• Try some meat substitutes. Most vegetarians enjoy cold-cuts as much as anyone, but theirs are made from soy, and are lower in fat and cholesterol-free.
  • When dining-out, scour the menu for vegetarian options—restaurants usually offer at least one. If not, choose an entrée that is served with veggies and grains—like pasta, or stir-fry.
  • Fill up in the garden. Imagine your dinner plate is divided in quarters. Fill two quarters with veggies, one quarter with grains, and the last quarter with meat.
  • Eat your veggies first. Along with vitamins, they’re also loaded with fiber, which will begin to satiate you before you dig in to the meat.
  • Bank your meals for the future. If you go to a restaurant and order a steak, order a take-away container along with it. Cut off a section about the size of a deck of playing cards, and that’s your dinner. The rest will make a great lunch tomorrow and maybe even more—all for the price of one meal.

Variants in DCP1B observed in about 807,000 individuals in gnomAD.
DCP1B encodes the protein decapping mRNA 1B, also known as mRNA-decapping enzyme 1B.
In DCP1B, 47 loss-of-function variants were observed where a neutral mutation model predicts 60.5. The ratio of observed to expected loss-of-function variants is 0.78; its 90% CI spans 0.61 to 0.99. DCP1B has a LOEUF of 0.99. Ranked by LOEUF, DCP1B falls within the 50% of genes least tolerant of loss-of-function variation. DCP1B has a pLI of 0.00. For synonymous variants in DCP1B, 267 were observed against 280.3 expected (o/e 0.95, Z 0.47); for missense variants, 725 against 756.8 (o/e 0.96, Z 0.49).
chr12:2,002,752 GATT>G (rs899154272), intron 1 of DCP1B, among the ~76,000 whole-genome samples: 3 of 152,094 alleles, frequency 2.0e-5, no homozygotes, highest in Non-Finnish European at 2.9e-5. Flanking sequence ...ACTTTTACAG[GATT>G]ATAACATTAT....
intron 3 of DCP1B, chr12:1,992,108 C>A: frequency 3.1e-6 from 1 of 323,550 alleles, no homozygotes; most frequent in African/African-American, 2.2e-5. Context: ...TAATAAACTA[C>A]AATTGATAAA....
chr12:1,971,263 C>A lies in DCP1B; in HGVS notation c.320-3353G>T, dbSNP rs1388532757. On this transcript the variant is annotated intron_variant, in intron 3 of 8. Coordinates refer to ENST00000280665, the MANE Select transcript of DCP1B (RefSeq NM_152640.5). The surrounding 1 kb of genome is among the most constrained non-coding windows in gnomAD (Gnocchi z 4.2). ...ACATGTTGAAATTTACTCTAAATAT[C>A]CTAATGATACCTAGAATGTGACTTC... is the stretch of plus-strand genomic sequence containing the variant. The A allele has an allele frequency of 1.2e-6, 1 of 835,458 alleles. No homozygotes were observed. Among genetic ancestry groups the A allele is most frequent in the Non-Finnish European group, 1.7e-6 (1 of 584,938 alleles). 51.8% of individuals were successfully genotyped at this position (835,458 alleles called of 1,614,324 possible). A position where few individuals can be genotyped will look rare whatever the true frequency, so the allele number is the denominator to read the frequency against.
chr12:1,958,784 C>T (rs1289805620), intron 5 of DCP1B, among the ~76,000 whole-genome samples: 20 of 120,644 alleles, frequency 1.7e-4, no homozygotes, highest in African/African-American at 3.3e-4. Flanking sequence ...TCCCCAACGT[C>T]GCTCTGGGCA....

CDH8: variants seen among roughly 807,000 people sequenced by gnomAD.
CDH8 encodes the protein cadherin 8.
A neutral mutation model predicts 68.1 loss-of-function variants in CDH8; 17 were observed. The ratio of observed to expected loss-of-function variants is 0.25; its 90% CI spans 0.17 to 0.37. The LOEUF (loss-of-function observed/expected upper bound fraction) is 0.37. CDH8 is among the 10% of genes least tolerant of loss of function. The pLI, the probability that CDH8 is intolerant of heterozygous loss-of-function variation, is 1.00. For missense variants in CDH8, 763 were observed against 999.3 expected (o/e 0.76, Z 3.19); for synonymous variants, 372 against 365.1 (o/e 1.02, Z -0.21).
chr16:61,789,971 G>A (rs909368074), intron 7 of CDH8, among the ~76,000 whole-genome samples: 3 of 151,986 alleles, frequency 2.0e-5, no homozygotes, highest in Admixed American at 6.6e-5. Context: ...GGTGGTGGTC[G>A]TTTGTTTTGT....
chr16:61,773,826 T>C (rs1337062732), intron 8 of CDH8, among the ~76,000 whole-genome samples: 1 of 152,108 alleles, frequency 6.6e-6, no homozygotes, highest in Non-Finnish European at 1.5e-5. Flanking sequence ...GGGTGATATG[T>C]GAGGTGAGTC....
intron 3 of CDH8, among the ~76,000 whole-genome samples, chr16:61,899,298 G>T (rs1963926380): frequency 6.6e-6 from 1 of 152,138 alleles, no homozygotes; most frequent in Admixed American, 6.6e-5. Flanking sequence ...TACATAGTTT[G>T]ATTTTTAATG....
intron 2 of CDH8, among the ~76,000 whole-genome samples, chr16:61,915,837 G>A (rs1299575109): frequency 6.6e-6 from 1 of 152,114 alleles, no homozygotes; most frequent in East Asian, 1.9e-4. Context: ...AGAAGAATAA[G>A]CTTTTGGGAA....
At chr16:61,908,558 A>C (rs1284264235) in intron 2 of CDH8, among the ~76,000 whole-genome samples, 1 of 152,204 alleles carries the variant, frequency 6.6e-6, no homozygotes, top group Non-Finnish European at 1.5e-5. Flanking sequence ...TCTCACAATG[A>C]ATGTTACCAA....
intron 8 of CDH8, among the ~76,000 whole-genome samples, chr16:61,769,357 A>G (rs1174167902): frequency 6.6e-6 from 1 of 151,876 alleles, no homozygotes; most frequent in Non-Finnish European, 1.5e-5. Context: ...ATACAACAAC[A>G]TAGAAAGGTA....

• Skimp on cheese. There is a common pitfall for anyone attempting a vegetarian or semi-vegetarian diet—substituting one saturated fat (meat) for another (cheese). Remember that cheese is high in saturated fat too, and can contribute to health problems if over-consumed. Rely on vegetables and whole grains to fill in the gap instead.
  • Check out for more ideas and recipes.

What it all boils down to is balance and moderation. Although moderation never sounds exciting, the benefits to your health, your waistline, and your wallet can be very exciting indeed!

Want to learn more about going meatless? Check out SparkPeople's first e-book! It's packed with over 120 delicious meat-free recipes, plus tips and tricks for going meatless. Get it on Amazon for $2.99 and start cooking easy, wholesome veg-centric meals the whole family will love!

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Member Comments